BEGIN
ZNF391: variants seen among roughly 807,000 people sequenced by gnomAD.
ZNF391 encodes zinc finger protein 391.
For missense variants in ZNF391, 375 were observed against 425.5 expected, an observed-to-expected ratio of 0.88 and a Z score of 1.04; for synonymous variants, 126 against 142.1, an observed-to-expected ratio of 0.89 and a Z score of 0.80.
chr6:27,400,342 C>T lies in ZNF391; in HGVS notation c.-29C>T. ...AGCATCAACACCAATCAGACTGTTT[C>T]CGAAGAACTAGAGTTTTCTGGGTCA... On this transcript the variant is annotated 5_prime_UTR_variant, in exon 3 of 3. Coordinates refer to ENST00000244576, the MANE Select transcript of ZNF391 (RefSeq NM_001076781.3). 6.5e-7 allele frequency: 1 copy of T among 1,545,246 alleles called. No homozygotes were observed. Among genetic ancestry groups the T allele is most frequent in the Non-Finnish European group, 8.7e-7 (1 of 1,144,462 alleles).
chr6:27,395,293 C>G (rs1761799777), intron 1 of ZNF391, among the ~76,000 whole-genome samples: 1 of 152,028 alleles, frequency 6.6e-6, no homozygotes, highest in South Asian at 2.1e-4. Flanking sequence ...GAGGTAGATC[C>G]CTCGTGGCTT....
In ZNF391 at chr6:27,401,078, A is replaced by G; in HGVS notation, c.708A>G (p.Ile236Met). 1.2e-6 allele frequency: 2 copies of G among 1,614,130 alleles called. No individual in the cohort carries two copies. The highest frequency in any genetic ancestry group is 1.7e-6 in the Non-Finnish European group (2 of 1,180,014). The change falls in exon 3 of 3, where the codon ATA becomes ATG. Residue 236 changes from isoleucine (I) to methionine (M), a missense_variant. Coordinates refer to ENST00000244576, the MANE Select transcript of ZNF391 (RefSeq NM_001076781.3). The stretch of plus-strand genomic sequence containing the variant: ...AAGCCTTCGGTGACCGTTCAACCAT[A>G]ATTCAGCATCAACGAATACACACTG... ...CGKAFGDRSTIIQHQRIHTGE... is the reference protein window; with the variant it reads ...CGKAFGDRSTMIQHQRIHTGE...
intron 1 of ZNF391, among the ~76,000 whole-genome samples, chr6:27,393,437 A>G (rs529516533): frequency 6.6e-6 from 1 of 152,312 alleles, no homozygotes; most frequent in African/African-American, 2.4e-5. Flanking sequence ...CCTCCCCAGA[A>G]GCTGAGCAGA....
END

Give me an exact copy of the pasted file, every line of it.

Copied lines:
ZNF391: variants seen among roughly 807,000 people sequenced by gnomAD.
ZNF391 encodes zinc finger protein 391.
For missense variants in ZNF391, 375 were observed against 425.5 expected, an observed-to-expected ratio of 0.88 and a Z score of 1.04; for synonymous variants, 126 against 142.1, an observed-to-expected ratio of 0.89 and a Z score of 0.80.
chr6:27,400,342 C>T lies in ZNF391; in HGVS notation c.-29C>T. ...AGCATCAACACCAATCAGACTGTTT[C>T]CGAAGAACTAGAGTTTTCTGGGTCA... On this transcript the variant is annotated 5_prime_UTR_variant, in exon 3 of 3. Coordinates refer to ENST00000244576, the MANE Select transcript of ZNF391 (RefSeq NM_001076781.3). 6.5e-7 allele frequency: 1 copy of T among 1,545,246 alleles called. No homozygotes were observed. Among genetic ancestry groups the T allele is most frequent in the Non-Finnish European group, 8.7e-7 (1 of 1,144,462 alleles).
chr6:27,395,293 C>G (rs1761799777), intron 1 of ZNF391, among the ~76,000 whole-genome samples: 1 of 152,028 alleles, frequency 6.6e-6, no homozygotes, highest in South Asian at 2.1e-4. Flanking sequence ...GAGGTAGATC[C>G]CTCGTGGCTT....
In ZNF391 at chr6:27,401,078, A is replaced by G; in HGVS notation, c.708A>G (p.Ile236Met). 1.2e-6 allele frequency: 2 copies of G among 1,614,130 alleles called. No individual in the cohort carries two copies. The highest frequency in any genetic ancestry group is 1.7e-6 in the Non-Finnish European group (2 of 1,180,014). The change falls in exon 3 of 3, where the codon ATA becomes ATG. Residue 236 changes from isoleucine (I) to methionine (M), a missense_variant. Coordinates refer to ENST00000244576, the MANE Select transcript of ZNF391 (RefSeq NM_001076781.3). The stretch of plus-strand genomic sequence containing the variant: ...AAGCCTTCGGTGACCGTTCAACCAT[A>G]ATTCAGCATCAACGAATACACACTG... ...CGKAFGDRSTIIQHQRIHTGE... is the reference protein window; with the variant it reads ...CGKAFGDRSTMIQHQRIHTGE...
intron 1 of ZNF391, among the ~76,000 whole-genome samples, chr6:27,393,437 A>G (rs529516533): frequency 6.6e-6 from 1 of 152,312 alleles, no homozygotes; most frequent in African/African-American, 2.4e-5. Flanking sequence ...CCTCCCCAGA[A>G]GCTGAGCAGA....